University salary competitiveness continues to decline

By Luke Cooper, Staff writer

After reporting performance metrics at a Board of Trustees meeting on Thursday, Sept. 7, the University revealed average faculty salaries continued to decline in the 2017 fiscal year in relation to the school’s self-selected “peer universities.”   

University officials select universities to be “peer universities” based on their institutional structure, academic standards and comparable faculty and research.

Data within the performance metrics showed a continuing decline in the University’s average faculty salary from about five percent below its self-selected peer universities median in 2016 to about seven percent in 2017.

Additionally, the University reported that the number of job offers made to its tenure system faculty in the 2016 fiscal year was higher than it has been since 2012.

University spokeswoman Robin Kaler wrote in an email that the University understands its current position and cites insufficient state funding as a primary cause.   

“We are trying to be proactive in retention offers — despite the budget constraints we continue to face,” said Kaler. “Specific salary decisions are made at the department and college level, but our overall goal is to do all we can to retain our world-class faculty.”

David O’Brien, a long-serving professor in the School of Art + Design, said the University’s decline in competitive salaries is noticeable.

“It’s a problem,” said O’Brien. “(Faculty) have been leaving for higher paying jobs. There have been more people leaving (the University) as our salaries have fallen behind other institutions than were leaving prior to that. There’s just an obvious correlation.”

O’Brien said that the School of Art + Design has had faculty leave for universities such as the University of Notre Dame and the University of Southern California.

“They’re going to places that they wouldn’t have gone to 10 years ago — let’s put it that way,” he said. “They may not be as highly rated in my field as the University of Illinois, but you can essentially do the same research at those places. They were promised, I’m sure, equal research resources.”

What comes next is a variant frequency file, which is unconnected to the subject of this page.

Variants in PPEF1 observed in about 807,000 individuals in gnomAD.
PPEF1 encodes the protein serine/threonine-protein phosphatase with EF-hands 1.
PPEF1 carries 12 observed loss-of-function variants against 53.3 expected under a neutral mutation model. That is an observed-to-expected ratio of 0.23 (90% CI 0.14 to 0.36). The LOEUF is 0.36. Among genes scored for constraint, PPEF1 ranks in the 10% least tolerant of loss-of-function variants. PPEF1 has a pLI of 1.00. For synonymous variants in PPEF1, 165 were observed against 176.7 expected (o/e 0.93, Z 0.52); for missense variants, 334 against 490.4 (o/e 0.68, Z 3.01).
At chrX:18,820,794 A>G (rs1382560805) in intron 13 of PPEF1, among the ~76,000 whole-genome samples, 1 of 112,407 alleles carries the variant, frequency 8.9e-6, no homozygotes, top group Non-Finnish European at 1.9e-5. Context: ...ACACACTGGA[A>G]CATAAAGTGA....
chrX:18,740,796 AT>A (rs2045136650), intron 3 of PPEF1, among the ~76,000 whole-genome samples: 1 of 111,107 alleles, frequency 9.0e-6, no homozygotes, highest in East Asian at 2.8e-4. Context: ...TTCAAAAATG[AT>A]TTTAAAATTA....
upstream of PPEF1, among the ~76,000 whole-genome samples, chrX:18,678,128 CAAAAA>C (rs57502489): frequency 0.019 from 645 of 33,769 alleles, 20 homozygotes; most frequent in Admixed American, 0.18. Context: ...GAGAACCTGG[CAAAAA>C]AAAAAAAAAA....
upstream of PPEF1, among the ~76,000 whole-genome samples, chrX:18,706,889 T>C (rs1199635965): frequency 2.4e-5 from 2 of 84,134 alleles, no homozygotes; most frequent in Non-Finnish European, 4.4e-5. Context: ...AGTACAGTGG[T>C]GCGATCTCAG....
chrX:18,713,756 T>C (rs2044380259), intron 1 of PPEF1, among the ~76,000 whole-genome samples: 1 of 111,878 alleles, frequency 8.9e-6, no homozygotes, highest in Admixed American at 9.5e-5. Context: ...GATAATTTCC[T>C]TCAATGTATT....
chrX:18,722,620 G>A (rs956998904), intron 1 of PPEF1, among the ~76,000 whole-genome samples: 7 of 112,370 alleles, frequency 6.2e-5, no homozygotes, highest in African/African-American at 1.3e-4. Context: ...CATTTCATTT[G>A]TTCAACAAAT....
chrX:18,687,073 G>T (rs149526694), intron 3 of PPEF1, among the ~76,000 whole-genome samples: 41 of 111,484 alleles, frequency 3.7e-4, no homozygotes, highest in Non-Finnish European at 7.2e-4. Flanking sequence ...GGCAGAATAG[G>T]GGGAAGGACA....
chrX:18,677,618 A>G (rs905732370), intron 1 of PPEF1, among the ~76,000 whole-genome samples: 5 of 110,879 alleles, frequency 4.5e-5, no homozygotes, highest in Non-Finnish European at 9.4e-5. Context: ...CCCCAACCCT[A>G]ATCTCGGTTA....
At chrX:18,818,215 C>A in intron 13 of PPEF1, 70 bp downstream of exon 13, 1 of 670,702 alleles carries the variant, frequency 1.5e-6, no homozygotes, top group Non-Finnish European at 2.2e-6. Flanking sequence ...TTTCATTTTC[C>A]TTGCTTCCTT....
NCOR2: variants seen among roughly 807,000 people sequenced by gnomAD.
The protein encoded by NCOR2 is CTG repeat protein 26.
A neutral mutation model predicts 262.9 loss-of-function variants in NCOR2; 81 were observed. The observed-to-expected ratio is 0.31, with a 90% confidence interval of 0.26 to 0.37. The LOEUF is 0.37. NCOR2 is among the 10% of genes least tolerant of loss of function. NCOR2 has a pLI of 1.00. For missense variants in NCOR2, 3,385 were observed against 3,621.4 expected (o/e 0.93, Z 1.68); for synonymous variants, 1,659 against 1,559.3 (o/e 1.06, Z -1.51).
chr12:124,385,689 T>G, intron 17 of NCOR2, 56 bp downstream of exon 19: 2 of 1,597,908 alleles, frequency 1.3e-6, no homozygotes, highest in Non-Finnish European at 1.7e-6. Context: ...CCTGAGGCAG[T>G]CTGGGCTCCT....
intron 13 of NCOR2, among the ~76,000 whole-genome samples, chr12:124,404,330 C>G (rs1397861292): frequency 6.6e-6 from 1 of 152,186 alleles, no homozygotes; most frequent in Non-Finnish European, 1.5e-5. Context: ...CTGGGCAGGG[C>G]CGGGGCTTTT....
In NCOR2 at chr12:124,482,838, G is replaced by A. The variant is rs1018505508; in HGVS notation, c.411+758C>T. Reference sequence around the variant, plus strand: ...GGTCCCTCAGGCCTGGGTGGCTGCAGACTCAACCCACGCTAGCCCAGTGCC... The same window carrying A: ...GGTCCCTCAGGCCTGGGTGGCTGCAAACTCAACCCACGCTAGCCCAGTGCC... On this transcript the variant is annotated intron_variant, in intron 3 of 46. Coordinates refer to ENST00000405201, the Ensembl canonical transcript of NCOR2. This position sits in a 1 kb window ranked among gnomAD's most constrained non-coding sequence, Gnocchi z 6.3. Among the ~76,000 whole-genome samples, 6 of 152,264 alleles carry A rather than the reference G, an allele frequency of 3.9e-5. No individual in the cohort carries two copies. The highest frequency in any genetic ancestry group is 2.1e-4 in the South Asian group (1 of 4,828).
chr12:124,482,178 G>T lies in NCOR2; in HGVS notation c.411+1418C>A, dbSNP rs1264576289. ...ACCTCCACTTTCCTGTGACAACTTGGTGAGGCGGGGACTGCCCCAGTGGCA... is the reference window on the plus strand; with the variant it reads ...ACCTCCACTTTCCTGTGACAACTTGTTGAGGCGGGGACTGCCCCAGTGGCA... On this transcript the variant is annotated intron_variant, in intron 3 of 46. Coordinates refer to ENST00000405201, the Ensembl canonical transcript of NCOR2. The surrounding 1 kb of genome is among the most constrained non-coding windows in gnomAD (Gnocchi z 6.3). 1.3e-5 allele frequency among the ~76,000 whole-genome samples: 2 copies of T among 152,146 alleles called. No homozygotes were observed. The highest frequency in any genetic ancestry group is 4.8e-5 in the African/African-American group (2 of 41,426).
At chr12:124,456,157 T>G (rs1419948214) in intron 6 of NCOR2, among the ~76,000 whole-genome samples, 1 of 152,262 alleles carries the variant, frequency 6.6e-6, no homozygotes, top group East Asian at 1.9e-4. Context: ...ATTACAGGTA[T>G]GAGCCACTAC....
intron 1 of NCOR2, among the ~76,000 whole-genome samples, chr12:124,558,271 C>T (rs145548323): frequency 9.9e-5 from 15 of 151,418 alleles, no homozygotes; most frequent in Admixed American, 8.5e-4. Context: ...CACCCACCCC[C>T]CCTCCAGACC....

Cindy Om
Source: University of Illinois Board of Trustees

O’Brien noted that money isn’t the only factor in a professor’s career decisions: research opportunities and resources weigh heavily if not more.

“You don’t see so many people leaving here to go to small colleges,” he said. “And a lot of people wouldn’t even take a big pay raise if it meant going to a place where it was harder to do research.”

O’Brien said the effects of state budget issues trickle down to a state professor’s research.

“There are increasing regulations about how you can spend money (for research),” he said. “You have to fill out more forms. You have to wait longer to get bills paid. There’s also less money around to do research. So, it does in some ways impinge directly on your job.”

However, O’Brien acknowledged that money motivates a professor’s career decisions much like any profession when presented with two comparable jobs.

“Money can make a difference,” he said. “Perhaps money motivates professors less than in other professions, but, nonetheless, I think most people would rather have more money than less money.”

The University system made two modest efforts to raise faculty salaries across all Illinois campuses in 2016-2017 with a two percent merit-based salary program instituted in February of this year, along with an additional one percent increase to also be reflected in faculty’s September payroll.

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